Now before I get to the actual point of the story, let me also say that my kid loves to eat. He absolutely delights in eating, sopping up runny eggs with croissants or biscuit bits, plopping whole spaghetti meatballs one by one into his gaping mouth, slurping his juice, releasing a deep stomach “ahhh!” when finished. And he can be competitive, too. When we share a container of our favorite Ben and Jerry’s “Karamel Sutra” ice cream, he watches me with such passion, and when I pass it to him, if I don’t likewise watch, I never get it back.

All that to say, I know that Josh eating his lunch warranted more than a shrug.

I told him that back in the day, we used our words to clown dudes, and that sometimes discouraged them from acting up, and that way we didn’t always have to fight. My son asked for examples, so I told him that I might say, “Hey, Josh, what’s up, you hungry, boy? Y’all ain’t got no food at y’all house? Your moms lost y’all food stamps?”

Now my son is a smart guy, and he knew that that specific kind of roasting wouldn’t exactly apply to his Josh, son of Upper Westside Mom, and presumably likewise dad, and so the next time Josh went for his lunch, my son snapped: “Damn, Josh, when the last time you ate, when you were a baby sucking on your Mom’s boobs?”

(We met with the Vice Principal after that.)

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NKOSI IFE BANDELE‘s novel, The Ape is Dead!, about a black student’s journey toward true love on a politically-charged college campus, is now available from Crimson Cloak Publishing. Excerpts of this work appear in the Crimson Cloak Publishing anthology Love Matters, Akashic’s Terrible Twosdays seriesHobart MagazineCrescendo City Magazine, and the collection of poetry and prose titled It’s Animal but Merciful published by the independent press great weather for MEDIA. Excerpts from Nkosi’s second novel, Scott Free, are featured in Moonshot magazine’s issue #5 and Akashic’s Thursdaze series. He is also the author of a third novel, The Beast, and the Writer’s Digest award–winning screenplay Love is Crazy. Nkosi lives in New York City. He has been published under the pen names Eshu Bandele and skoo d foo, da bom! His website, including his blog THAT N-WORD’S CRAZY!, is eshubandele.com. Visit his Facebook Fan Page here.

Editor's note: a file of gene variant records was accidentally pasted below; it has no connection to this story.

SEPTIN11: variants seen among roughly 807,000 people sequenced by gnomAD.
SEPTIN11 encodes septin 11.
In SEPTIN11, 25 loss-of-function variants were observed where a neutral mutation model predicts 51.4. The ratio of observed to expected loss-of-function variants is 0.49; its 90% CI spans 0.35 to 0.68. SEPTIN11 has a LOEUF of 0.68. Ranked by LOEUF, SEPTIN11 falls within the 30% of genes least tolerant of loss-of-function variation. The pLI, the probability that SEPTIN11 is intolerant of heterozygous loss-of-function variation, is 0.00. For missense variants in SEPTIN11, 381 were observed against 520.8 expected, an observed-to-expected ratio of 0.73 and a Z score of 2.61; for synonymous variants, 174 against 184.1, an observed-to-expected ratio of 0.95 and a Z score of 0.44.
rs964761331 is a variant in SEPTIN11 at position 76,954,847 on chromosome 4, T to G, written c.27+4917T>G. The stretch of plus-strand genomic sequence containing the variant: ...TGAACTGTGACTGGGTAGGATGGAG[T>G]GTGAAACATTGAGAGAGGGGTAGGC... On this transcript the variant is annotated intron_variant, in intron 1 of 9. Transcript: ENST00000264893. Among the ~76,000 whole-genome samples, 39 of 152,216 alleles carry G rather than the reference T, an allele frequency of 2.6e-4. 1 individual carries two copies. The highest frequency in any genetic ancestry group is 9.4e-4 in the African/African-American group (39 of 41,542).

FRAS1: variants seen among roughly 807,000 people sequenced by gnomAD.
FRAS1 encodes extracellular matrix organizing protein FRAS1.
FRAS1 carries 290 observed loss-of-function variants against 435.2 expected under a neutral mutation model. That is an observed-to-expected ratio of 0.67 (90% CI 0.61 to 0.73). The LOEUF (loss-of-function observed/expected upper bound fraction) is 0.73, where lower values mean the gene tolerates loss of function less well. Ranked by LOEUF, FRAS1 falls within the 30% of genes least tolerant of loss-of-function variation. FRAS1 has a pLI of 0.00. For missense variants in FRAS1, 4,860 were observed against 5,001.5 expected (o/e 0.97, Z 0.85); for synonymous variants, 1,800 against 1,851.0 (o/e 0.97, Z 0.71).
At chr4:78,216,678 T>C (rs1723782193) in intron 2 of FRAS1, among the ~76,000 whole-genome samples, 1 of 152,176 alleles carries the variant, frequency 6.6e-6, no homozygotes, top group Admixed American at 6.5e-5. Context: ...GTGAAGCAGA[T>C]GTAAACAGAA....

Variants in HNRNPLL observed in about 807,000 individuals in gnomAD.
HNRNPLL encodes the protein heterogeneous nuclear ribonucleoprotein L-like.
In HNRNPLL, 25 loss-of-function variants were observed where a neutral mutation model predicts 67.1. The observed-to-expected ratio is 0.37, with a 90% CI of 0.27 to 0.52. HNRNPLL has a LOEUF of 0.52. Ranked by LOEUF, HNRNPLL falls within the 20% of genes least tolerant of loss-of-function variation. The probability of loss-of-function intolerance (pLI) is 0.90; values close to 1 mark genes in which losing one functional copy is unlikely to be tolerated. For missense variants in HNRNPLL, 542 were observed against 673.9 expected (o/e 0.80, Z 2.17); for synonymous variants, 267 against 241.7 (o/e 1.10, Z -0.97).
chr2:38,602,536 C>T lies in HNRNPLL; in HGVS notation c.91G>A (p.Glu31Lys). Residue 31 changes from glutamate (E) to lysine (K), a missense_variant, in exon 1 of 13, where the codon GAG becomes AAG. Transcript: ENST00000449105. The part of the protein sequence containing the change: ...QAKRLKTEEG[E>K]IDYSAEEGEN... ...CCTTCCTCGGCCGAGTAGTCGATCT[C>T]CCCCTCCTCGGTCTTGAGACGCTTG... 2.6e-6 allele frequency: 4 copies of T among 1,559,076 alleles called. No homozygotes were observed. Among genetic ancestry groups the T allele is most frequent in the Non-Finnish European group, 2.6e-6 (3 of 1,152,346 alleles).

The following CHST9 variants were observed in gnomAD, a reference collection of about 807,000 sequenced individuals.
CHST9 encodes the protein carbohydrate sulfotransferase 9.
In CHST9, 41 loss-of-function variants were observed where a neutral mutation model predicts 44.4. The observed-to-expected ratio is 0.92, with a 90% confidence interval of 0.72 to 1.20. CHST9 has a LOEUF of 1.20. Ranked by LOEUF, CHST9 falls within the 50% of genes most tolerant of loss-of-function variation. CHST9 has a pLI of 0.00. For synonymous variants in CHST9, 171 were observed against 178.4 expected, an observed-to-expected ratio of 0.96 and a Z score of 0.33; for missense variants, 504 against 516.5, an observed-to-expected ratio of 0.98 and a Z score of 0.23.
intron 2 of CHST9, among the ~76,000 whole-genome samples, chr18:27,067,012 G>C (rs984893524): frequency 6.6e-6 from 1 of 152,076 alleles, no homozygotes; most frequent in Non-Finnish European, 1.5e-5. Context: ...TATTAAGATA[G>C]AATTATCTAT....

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Do you have a story you’d like us to consider for online publication in the Terrible Twosdays flash fiction series? Here are the submission terms and guidelines:

—We are not offering payment, and are asking for first digital rights. The rights to the story revert to the author immediately upon publication.
—Your story should focus on the challenges of parenting. Ideally, stories should be about children aged 0 to 5, but any age (up to early teens) is acceptable. Stories may be fiction or nonfiction.
—Include the child’s age at the time of the story next to your byline.
—Your story should not exceed 750 words.
—E-mail your submission to info@akashicbooks.com. Please paste the story into the body of the email, and also attach it as a PDF file.

Posted: Jun 20, 2017

Category: Terrible Twosdays | Tags: , , , , , ,